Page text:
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Two state supreme courts, California and Georgia, have ruled that pre-dispute contractual jury waivers are not enforceable. Those jurisdictions that permit such waivers use a wide array of “safeguards not typical of commercial law” to protect the constitutional right to jury trial. The multiple safeguards used by courts, and the different ways of applying them led the California Supreme Court to note “the difficulties experienced in other jurisdictions [with respect to pre-dispute jury waivers], where disagreements persist concerning such matters as allocation of the burden of proof when a party resists enforcement of a contractual waiver of jury trial.” These disagreements must be settled before such waivers can be used appropriately and effectively.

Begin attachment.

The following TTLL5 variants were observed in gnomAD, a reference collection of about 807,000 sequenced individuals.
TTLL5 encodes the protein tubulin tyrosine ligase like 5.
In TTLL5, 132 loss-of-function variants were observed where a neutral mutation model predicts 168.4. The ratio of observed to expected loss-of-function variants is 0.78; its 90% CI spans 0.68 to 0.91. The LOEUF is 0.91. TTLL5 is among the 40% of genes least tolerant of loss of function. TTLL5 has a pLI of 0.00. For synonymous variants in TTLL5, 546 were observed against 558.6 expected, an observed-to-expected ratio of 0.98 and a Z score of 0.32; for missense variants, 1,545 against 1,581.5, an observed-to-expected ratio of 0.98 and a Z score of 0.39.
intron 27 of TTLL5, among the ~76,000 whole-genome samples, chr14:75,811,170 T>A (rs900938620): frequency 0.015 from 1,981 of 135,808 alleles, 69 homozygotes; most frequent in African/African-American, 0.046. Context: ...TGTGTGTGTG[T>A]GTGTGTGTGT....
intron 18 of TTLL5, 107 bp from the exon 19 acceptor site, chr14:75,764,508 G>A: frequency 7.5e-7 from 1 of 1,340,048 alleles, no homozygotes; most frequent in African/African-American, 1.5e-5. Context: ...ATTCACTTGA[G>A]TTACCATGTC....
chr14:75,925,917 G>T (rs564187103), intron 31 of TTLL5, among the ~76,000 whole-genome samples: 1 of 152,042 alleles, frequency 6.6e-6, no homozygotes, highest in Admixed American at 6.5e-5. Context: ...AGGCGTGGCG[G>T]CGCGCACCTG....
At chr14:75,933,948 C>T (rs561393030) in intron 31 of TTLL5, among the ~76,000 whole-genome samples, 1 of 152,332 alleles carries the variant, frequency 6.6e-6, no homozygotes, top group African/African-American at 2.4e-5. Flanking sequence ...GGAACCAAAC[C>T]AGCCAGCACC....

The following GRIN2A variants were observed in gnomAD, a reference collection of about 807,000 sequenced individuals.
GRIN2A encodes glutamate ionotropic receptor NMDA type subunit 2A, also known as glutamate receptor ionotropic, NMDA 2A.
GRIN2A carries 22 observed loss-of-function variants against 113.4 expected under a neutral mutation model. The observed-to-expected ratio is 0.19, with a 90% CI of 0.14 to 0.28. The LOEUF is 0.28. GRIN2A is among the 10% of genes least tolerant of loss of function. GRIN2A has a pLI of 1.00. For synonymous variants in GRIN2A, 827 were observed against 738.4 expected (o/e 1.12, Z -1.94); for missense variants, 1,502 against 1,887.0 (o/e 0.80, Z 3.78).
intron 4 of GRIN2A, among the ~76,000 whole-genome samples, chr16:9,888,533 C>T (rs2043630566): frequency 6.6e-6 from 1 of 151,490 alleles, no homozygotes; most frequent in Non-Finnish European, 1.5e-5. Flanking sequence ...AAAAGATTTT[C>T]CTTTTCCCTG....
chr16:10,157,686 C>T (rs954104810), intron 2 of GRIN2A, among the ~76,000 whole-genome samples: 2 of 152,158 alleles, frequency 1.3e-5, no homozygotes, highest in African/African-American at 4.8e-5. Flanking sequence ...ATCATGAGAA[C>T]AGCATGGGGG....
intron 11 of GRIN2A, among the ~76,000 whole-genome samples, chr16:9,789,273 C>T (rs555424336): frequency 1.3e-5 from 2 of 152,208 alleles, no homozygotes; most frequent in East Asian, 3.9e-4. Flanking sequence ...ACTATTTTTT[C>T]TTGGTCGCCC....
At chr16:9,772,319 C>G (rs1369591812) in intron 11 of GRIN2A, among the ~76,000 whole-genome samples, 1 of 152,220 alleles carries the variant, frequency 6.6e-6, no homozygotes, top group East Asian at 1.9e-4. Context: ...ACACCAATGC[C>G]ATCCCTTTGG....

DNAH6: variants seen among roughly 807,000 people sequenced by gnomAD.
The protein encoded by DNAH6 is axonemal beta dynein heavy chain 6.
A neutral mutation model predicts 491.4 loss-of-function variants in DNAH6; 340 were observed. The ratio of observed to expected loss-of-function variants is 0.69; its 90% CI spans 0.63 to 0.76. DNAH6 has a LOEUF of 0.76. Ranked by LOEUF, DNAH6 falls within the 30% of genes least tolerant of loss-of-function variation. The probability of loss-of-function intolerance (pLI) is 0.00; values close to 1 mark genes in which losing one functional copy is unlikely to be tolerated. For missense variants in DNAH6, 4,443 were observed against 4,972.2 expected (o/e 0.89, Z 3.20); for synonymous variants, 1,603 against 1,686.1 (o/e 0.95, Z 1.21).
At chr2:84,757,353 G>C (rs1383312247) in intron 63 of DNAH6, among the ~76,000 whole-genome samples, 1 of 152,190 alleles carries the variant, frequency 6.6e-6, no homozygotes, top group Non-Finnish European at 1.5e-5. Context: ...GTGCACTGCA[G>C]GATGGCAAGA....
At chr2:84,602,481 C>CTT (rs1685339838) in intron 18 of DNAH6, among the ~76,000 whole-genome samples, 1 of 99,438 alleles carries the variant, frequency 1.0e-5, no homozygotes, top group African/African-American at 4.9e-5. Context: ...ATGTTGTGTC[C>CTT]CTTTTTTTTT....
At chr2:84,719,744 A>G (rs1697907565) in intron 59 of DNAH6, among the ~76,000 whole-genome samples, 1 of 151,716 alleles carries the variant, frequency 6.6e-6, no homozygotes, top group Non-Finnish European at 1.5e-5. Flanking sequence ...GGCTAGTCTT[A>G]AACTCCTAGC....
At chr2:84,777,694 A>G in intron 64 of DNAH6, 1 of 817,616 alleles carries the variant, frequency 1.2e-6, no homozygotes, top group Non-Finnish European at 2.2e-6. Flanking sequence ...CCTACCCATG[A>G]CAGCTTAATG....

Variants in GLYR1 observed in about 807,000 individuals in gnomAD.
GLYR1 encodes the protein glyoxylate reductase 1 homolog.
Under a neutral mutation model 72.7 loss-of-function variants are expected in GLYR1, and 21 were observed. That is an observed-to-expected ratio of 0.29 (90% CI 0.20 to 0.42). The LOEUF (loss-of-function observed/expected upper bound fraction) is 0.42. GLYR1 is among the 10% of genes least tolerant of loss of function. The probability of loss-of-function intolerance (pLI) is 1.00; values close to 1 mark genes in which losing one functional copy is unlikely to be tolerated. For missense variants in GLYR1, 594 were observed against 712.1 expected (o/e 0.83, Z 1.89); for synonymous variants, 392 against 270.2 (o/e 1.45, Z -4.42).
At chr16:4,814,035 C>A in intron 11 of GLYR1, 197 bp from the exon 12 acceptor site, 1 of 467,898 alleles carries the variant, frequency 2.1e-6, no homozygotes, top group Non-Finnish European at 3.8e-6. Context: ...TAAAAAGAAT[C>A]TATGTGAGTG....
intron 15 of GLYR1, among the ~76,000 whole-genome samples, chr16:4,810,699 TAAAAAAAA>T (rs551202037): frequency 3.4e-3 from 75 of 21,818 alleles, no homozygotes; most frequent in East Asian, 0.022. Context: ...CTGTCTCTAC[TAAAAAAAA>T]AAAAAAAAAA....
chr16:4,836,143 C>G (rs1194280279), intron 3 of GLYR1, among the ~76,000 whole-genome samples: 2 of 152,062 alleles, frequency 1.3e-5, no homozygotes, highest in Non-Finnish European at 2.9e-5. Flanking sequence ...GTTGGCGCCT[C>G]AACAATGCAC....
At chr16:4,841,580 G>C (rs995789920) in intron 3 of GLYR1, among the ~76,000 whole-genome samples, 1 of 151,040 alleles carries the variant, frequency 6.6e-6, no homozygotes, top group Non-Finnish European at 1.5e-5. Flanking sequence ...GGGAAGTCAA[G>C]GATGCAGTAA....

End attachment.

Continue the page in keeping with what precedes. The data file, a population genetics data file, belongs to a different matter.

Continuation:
This Article resolves the burden of proof question by arguing that several factors support assigning the burden of proof to the party seeking enforcement of the waiver, which in employer-employee disputes will usually be the employer. Allocating the proof burden in this way will standardize judicial treatment of pre-dispute jurywaivers, allowing them to be used optimally to manage the risks of dispute resolution.

Part II of this Article assesses the use of pre-dispute jury waivers in the employment context and explains their appeal. Part III analyzes the various ways that federal courts have treated pre-dispute jury waivers and notes specific inconsistencies in the treatment ofsuch waivers in several recent federal employment cases. Part IV argues that in the employment context, public policy considerations, and convenience and fairness concerns, all call for assigning the burden of proof to the party seeking enforcement of the waiver.